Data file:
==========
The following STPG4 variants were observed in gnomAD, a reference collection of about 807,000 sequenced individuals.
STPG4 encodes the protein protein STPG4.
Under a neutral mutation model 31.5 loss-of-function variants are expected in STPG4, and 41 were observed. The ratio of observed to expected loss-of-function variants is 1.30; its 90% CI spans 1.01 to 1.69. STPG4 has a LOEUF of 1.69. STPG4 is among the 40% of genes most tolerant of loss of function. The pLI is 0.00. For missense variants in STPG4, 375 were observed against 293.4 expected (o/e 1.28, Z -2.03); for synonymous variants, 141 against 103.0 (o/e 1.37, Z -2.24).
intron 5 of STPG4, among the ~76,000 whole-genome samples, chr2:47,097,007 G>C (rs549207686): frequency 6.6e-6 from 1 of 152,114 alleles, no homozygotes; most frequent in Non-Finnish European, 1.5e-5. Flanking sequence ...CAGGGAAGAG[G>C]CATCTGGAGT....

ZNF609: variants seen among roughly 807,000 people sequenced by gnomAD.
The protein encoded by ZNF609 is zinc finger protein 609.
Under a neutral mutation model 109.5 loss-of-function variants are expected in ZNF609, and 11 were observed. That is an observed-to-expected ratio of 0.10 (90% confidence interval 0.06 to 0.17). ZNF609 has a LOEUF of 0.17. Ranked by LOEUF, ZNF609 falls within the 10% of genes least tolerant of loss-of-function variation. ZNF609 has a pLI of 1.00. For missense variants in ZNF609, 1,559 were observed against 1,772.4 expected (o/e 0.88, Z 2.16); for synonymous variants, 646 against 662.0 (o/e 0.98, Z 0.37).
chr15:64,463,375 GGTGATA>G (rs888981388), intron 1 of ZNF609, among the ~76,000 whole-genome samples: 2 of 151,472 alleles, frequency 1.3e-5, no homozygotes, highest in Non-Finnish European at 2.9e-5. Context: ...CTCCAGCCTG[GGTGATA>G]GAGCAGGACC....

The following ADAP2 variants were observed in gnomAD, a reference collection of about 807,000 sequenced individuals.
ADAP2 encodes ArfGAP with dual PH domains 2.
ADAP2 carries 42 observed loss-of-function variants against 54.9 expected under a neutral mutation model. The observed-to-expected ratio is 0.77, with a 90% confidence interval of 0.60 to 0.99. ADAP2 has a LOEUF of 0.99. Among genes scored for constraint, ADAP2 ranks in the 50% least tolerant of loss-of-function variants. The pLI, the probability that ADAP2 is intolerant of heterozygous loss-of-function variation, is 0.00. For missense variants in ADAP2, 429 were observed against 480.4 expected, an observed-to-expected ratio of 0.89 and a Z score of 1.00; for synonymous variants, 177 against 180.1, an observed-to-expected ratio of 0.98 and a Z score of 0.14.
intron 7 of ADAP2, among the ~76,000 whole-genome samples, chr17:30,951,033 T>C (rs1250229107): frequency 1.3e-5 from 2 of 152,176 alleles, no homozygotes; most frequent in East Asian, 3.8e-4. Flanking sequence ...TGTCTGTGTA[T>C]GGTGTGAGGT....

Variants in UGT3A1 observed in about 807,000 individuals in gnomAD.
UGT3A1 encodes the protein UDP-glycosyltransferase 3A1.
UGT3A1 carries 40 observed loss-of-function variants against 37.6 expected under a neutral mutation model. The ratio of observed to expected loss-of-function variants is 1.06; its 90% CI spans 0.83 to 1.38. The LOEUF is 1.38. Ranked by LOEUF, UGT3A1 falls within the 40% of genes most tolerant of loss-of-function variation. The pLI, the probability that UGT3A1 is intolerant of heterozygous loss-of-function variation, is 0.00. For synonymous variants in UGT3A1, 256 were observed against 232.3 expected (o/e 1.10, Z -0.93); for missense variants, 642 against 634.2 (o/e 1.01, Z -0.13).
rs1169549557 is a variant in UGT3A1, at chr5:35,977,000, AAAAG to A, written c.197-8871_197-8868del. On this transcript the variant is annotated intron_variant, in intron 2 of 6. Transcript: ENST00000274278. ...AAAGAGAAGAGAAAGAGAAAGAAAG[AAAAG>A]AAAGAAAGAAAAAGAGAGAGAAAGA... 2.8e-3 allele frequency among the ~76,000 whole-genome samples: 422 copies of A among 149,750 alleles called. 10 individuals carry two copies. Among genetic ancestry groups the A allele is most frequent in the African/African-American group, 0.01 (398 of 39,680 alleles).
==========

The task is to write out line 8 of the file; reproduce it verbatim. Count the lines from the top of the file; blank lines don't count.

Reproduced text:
chr15:64,463,375 GGTGATA>G (rs888981388), intron 1 of ZNF609, among the ~76,000 whole-genome samples: 2 of 151,472 alleles, frequency 1.3e-5, no homozygotes, highest in Non-Finnish European at 2.9e-5. Context: ...CTCCAGCCTG[GGTGATA>G]GAGCAGGACC....